Income equality is shaping up to be one of the key issues in the 2016 presidential race, but is promoting equality the solution to reinvigorating the nation?
“What we care about is whether individuals are able to rise by merit—and the fact is that many of the policies the inequality critics say will improve mobility actually make rising by merit much harder,” they argue in the book.
"Chicago Tonight" host Brandis Friedman talked to Brook, executive director of the Ayn Rand Institute and former columnist for Forbes, about his case against equality, what the government should focus its economic policy on and how income inequality is being addressed in the presidential election.
“We are unequal. That’s just a fact of nature, a fact of reality. Inequality is metaphysical. We’re born with different talents, different abilities, we make different choices in our life that guide us in different directions,” Brook said. “We have different parents, different environments ... All of that plays into being different, and therefore, we produce different amounts. We choose different professions that might earn us more, earn us less.”
Brook said entrepreneurs like Bill Gates make more money because they produce something we consider incredibly valuable.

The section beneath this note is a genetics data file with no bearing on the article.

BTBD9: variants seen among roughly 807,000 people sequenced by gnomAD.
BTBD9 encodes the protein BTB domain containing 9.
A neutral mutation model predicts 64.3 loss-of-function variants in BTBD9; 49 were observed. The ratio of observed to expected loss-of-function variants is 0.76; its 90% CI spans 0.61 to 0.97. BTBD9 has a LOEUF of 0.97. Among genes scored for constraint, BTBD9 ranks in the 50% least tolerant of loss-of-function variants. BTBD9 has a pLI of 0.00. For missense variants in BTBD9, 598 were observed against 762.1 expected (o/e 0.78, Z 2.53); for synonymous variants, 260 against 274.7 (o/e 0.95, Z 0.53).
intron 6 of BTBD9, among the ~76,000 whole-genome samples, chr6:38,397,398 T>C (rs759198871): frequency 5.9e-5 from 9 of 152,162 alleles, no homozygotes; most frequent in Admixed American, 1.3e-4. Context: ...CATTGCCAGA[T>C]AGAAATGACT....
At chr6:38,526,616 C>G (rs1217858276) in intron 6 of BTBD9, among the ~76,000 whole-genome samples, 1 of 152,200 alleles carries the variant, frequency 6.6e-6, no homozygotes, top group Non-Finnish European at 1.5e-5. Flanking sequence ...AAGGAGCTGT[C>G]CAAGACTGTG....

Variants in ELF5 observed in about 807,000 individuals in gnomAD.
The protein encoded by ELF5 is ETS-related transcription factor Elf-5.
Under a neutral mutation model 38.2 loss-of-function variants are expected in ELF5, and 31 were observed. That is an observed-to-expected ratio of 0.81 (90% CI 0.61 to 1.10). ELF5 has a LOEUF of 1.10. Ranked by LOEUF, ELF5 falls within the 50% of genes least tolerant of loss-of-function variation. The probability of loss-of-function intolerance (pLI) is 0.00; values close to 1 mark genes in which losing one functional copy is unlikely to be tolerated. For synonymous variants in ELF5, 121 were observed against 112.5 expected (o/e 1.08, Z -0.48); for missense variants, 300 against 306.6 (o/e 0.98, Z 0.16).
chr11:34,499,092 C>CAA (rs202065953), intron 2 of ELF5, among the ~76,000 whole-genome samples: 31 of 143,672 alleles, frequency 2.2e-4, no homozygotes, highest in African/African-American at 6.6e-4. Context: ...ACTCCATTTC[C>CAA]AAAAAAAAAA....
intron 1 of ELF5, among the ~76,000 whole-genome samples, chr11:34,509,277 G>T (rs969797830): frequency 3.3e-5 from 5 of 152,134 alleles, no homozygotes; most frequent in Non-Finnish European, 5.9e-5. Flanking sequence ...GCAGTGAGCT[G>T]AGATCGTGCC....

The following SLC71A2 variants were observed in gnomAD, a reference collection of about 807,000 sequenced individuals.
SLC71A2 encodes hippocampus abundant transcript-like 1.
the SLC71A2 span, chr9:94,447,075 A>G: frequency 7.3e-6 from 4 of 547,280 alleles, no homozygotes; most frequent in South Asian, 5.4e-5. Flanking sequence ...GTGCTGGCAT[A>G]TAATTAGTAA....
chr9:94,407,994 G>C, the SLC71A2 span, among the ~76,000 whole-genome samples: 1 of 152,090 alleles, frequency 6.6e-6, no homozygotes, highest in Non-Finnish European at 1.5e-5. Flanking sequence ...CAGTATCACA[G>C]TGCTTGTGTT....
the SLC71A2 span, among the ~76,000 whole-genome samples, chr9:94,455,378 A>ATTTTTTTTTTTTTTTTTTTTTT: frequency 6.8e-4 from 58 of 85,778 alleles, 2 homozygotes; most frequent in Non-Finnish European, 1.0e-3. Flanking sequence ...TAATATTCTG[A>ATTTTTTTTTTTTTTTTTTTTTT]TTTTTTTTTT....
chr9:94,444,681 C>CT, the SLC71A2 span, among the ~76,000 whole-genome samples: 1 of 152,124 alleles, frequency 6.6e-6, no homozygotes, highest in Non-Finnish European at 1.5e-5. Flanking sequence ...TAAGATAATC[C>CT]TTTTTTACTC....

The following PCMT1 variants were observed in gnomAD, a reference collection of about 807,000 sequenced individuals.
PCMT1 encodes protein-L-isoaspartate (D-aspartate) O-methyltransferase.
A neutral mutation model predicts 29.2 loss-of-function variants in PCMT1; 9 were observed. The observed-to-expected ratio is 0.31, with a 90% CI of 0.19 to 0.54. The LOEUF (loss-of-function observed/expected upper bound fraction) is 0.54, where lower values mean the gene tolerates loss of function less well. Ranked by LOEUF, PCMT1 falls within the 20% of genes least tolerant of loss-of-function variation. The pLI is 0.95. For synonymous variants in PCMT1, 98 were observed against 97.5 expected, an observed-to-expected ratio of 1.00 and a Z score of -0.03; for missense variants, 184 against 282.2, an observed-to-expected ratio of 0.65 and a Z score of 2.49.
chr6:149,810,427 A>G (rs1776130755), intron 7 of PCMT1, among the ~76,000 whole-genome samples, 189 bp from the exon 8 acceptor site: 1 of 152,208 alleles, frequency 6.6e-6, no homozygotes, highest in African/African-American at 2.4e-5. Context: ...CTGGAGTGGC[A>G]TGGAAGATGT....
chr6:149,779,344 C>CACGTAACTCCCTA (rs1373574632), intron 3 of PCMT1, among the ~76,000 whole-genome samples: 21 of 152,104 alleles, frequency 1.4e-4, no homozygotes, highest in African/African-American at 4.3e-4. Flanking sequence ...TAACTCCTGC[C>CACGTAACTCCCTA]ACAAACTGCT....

“The only way to make money in a free economy is to provide a service or a good that people really, really value and that promotes their own life. Otherwise, they wouldn’t buy it,” Brook said.
He argues that it’s up to individuals to decide to take advantage of a free economy.
“We have to place the responsibility with [individuals],” Brook said. “But then we need to create an environment that makes it possible for them to have opportunities and for them to take advantage of those opportunities.”
Read an excerpt from “Equal is Unfair: America's Misguided Fight Against Income Inequality” below.
From Chapter 1:
If we agree with the opponents of economic inequality about anything, it’s that today’s status quo is unacceptable. There are genuine barriers to opportunity, and the deck is becoming stacked against us—but not because “the rich” are too rich and the government is doing too little to fight economic inequality. The real threat to opportunity in America is increasing political inequality.
In a land of opportunity, an individual should succeed or fail on the basis of merit, not political privilege. You deserve what you earn—no more, no less. Today, however, some people are being stopped from rising on the basis of merit, and others are achieving unearned success through political privilege. As we’ll catalog in the pages ahead, the source of this problem is that we have granted the government an incredible amount of arbitrary power: to intervene in our affairs, to pick winners and losers, to put roadblocks in the way of success, to hand out wealth and other special favors to whatever pressure group can present itself as the face of “the public good.” Some of these injustices do increase economic inequality, but it isn’t the inequality that should bother us—it’s the injustice.